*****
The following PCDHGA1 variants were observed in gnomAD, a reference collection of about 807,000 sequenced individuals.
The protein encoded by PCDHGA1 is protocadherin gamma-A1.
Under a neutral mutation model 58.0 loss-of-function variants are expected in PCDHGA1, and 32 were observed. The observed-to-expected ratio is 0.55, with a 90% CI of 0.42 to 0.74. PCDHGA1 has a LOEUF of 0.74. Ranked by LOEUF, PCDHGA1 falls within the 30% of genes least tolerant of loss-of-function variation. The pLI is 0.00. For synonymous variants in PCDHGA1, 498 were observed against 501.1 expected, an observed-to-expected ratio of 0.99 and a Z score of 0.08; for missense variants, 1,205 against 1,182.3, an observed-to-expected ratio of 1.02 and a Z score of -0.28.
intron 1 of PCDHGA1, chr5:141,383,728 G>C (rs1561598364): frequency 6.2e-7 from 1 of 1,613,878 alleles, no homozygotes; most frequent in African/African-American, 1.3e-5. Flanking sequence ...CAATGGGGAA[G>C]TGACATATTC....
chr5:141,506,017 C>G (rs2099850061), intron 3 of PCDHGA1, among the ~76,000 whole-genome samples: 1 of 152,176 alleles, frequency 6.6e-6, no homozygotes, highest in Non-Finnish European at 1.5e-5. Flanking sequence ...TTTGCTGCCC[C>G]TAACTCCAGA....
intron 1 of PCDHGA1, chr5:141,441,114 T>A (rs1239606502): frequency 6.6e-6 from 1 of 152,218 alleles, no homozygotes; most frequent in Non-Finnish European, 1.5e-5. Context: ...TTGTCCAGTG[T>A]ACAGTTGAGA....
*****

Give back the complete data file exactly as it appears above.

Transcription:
The following PCDHGA1 variants were observed in gnomAD, a reference collection of about 807,000 sequenced individuals.
The protein encoded by PCDHGA1 is protocadherin gamma-A1.
Under a neutral mutation model 58.0 loss-of-function variants are expected in PCDHGA1, and 32 were observed. The observed-to-expected ratio is 0.55, with a 90% CI of 0.42 to 0.74. PCDHGA1 has a LOEUF of 0.74. Ranked by LOEUF, PCDHGA1 falls within the 30% of genes least tolerant of loss-of-function variation. The pLI is 0.00. For synonymous variants in PCDHGA1, 498 were observed against 501.1 expected, an observed-to-expected ratio of 0.99 and a Z score of 0.08; for missense variants, 1,205 against 1,182.3, an observed-to-expected ratio of 1.02 and a Z score of -0.28.
intron 1 of PCDHGA1, chr5:141,383,728 G>C (rs1561598364): frequency 6.2e-7 from 1 of 1,613,878 alleles, no homozygotes; most frequent in African/African-American, 1.3e-5. Flanking sequence ...CAATGGGGAA[G>C]TGACATATTC....
chr5:141,506,017 C>G (rs2099850061), intron 3 of PCDHGA1, among the ~76,000 whole-genome samples: 1 of 152,176 alleles, frequency 6.6e-6, no homozygotes, highest in Non-Finnish European at 1.5e-5. Flanking sequence ...TTTGCTGCCC[C>G]TAACTCCAGA....
intron 1 of PCDHGA1, chr5:141,441,114 T>A (rs1239606502): frequency 6.6e-6 from 1 of 152,218 alleles, no homozygotes; most frequent in Non-Finnish European, 1.5e-5. Context: ...TTGTCCAGTG[T>A]ACAGTTGAGA....